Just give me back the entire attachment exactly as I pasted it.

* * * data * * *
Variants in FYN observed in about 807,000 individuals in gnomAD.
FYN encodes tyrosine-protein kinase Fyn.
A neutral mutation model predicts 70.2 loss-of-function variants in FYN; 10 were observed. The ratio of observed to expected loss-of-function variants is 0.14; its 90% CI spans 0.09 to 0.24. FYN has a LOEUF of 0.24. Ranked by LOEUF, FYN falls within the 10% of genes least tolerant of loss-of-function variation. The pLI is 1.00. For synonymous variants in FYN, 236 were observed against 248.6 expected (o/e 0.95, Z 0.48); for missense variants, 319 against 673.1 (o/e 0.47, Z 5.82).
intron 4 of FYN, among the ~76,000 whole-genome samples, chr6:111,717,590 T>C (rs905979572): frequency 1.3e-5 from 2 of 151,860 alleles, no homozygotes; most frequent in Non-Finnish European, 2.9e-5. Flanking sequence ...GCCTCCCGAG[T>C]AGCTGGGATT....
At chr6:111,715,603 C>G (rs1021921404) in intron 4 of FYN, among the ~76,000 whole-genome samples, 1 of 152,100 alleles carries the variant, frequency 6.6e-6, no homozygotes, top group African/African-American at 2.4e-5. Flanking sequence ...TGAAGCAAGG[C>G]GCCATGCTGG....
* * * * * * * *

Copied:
Variants in FYN observed in about 807,000 individuals in gnomAD.
FYN encodes tyrosine-protein kinase Fyn.
A neutral mutation model predicts 70.2 loss-of-function variants in FYN; 10 were observed. The ratio of observed to expected loss-of-function variants is 0.14; its 90% CI spans 0.09 to 0.24. FYN has a LOEUF of 0.24. Ranked by LOEUF, FYN falls within the 10% of genes least tolerant of loss-of-function variation. The pLI is 1.00. For synonymous variants in FYN, 236 were observed against 248.6 expected (o/e 0.95, Z 0.48); for missense variants, 319 against 673.1 (o/e 0.47, Z 5.82).
intron 4 of FYN, among the ~76,000 whole-genome samples, chr6:111,717,590 T>C (rs905979572): frequency 1.3e-5 from 2 of 151,860 alleles, no homozygotes; most frequent in Non-Finnish European, 2.9e-5. Flanking sequence ...GCCTCCCGAG[T>C]AGCTGGGATT....
At chr6:111,715,603 C>G (rs1021921404) in intron 4 of FYN, among the ~76,000 whole-genome samples, 1 of 152,100 alleles carries the variant, frequency 6.6e-6, no homozygotes, top group African/African-American at 2.4e-5. Flanking sequence ...TGAAGCAAGG[C>G]GCCATGCTGG....